Little gusts of sunshine blew, strangely bright, and lit up thecelandines at the wood's edge, under the hazel-rods, they spangledout bright and yellow. And the wood was still, stiller, but yetgusty with crossing sun. The first windflowers were out, and allthe wood seemed pale with the pallor of endless little anemones,sprinkling the shaken floor. 'The world has grown pale with thybreath.' But it was the breath of Persephone, this time; she wasout of hell on a cold morning. Cold breaths of wind came, andoverhead there was an anger of entangled wind caught among thetwigs. It, too, was caught and trying to tear itself free, thewind, like Absalom. How cold the anemones looked, bobbing theirnaked white shoulders over crinoline skirts of green. But theystood it. A few first bleached little primroses too, by the path,and yellow buds unfolding themselves.
To Connie, Clifford seemed to be coming out in his true colours:a little vulgar, a little common, and uninspired; rather fat. IvyBolton's tricks and humble bossiness were also only tootransparent. But Connie did wonder at the genuine thrill which thewoman got out of Clifford. To say she was in love with him would beputting it wrongly. She was thrilled by her contact with a man ofthe upper class, this titled gentleman, this author who could writebooks and poems, and whose photograph appeared in the illustratednewspapers. She was thrilled to a weird passion. And his'educating' her roused in her a passion of excitement and responsemuch deeper than any love affair could have done. In truth, thevery fact that there could be no love affair left her freeto thrill to her very marrow with this other passion, the peculiarpassion of knowing, knowing as he knew.
Among other monstrosities in this lumber room was a largishblackjapanned box, excellently and ingeniously made some sixty orseventy years ago, and fitted with every imaginable object. On topwas a concentrated toilet set: brushes, bottles, mirrors, combs,boxes, even three beautiful little razors in safety sheaths,shaving-bowl and all. Underneath came a sort of escritoireoutfit: blotters, pens, ink-bottles, paper, envelopes, memorandumbooks: and then a perfect sewing-outfit, with three different sizedscissors, thimbles, needles, silks and cottons, darning egg, all ofthe very best quality and perfectly finished. Then there was alittle medicine store, with bottles labelled Laudanum, Tincture ofMyrrh, Ess. Cloves and so on: but empty. Everything was perfectlynew, and the whole thing, when shut up, was as big as a small, butfat weekend bag. And inside, it fitted together like a puzzle. Thebottles could not possibly have spilled: there wasn't room.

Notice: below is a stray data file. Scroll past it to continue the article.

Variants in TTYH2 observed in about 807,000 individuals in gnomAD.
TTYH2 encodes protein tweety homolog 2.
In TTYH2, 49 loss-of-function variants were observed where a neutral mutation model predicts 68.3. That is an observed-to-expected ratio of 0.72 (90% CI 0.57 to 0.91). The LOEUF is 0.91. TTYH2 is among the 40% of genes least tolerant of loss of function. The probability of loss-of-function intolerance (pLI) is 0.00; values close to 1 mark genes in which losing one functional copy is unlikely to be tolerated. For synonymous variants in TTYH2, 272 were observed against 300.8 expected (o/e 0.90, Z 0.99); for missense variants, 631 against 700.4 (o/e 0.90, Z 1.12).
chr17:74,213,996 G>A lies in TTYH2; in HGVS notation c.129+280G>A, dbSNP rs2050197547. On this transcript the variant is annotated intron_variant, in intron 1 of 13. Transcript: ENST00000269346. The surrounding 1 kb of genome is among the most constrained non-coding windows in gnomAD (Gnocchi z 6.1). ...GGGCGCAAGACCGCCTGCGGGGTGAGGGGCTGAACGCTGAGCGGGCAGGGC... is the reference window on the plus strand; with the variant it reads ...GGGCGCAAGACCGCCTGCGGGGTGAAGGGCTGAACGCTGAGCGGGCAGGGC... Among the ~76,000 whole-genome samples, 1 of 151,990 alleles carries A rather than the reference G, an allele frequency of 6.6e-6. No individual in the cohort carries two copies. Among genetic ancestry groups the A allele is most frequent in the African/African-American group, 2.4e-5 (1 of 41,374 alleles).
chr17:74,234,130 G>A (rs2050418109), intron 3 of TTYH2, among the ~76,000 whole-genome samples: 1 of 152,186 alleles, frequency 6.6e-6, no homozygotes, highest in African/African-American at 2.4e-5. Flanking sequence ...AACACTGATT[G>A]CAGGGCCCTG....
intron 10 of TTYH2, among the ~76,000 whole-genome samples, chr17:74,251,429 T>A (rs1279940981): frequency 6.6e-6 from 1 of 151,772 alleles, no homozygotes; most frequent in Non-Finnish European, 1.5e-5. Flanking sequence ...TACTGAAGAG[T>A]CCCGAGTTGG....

'Then came Bertha Coutts. They'd lived next door to us when Iwas a little lad, so I knew 'em all right. And they were common.Well, Bertha went away to some place or other in Birmingham; shesaid, as a lady's companion; everybody else said, as a waitress orsomething in a hotel. Anyhow just when I was more than fed up withthat other girl, when I was twenty-one, back comes Bertha, withairs and graces and smart clothes and a sort of bloom on her: asort of sensual bloom that you'd see sometimes on a woman, or on atrolly. Well, I was in a state of murder. I chucked up my job atButterley because I thought I was a weed, clerking there: and I goton as overhead blacksmith at Tevershall: shoeing horses mostly. Ithad been my dad's job, and I'd always been with him. It was a job Iliked: handling horses: and it came natural to me. So I stoppedtalking "fine", as they call it, talking proper English, and wentback to talking broad. I still read books, at home: but Iblacksmithed and had a pony-trap of my own, and was My LordDuckfoot. My dad left me three hundred pounds when he died. So Itook on with Bertha, and I was glad she was common. I wanted her tobe common. I wanted to be common myself. Well, I married her, andshe wasn't bad. Those other "pure" women had nearly taken all theballs out of me, but she was all right that way. She wanted me, andmade no bones about it. And I was as pleased as punch. That waswhat I wanted: a woman who wanted me to fuck her. So Ifucked her like a good un. And I think she despised me a bit, forbeing so pleased about it, and bringin' her her breakfast in bedsometimes. She sort of let things go, didn't get me a proper dinnerwhen I came home from work, and if I said anything, flew out at me.And I flew back, hammer and tongs. She flung a cup at me and I tookher by the scruff of the neck and squeezed the life out of her.That sort of thing! But she treated me with insolence. And she gotso's she'd never have me when I wanted her: never. Always put meoff, brutal as you like. And then when she'd put me right off, andI didn't want her, she'd come all lovey-dovey, and get me. And Ialways went. But when I had her, she'd never come off when I did.Never! She'd just wait. If I kept back for half an hour, she'd keepback longer. And when I'd come and really finished, then she'dstart on her own account, and I had to stop inside her till shebrought herself off, wriggling and shouting, she'd clutch clutchwith herself down there, an' then she'd come off, fair in ecstasy.And then she'd say: That was lovely! Gradually I got sick of it:and she got worse. She sort of got harder and harder to bring off,and she'd sort of tear at me down there, as if it was a beaktearing at me. By God, you think a woman's soft down there, like afig. But I tell you the old rampers have beaks between their legs,and they tear at you with it till you're sick. Self! Self! Self!all self! tearing and shouting! They talk about men's selfishness,but I doubt if it can ever touch a woman's blind beakishness, onceshe's gone that way. Like an old trull! And she couldn't help it. Itold her about it, I told her how I hated it. And she'd even try.She'd try to lie still and let me work the business. She'dtry. But it was no good. She got no feeling off it, from myworking. She had to work the thing herself, grind her own coffee.And it came back on her like a raving necessity, she had to letherself go, and tear, tear, tear, as if she had no sensation in herexcept in the top of her beak, the very outside top tip, thatrubbed and tore. That's how old whores used to be, so men used tosay. It was a low kind of self-will in her, a raving sort ofself-will: like in a woman who drinks. Well in the end I couldn'tstand it. We slept apart. She herself had started it, in her boutswhen she wanted to be clear of me, when she said I bossed her. Shehad started having a room for herself. But the time came when Iwouldn't have her coming to my room. I wouldn't. 2b1af7f3a8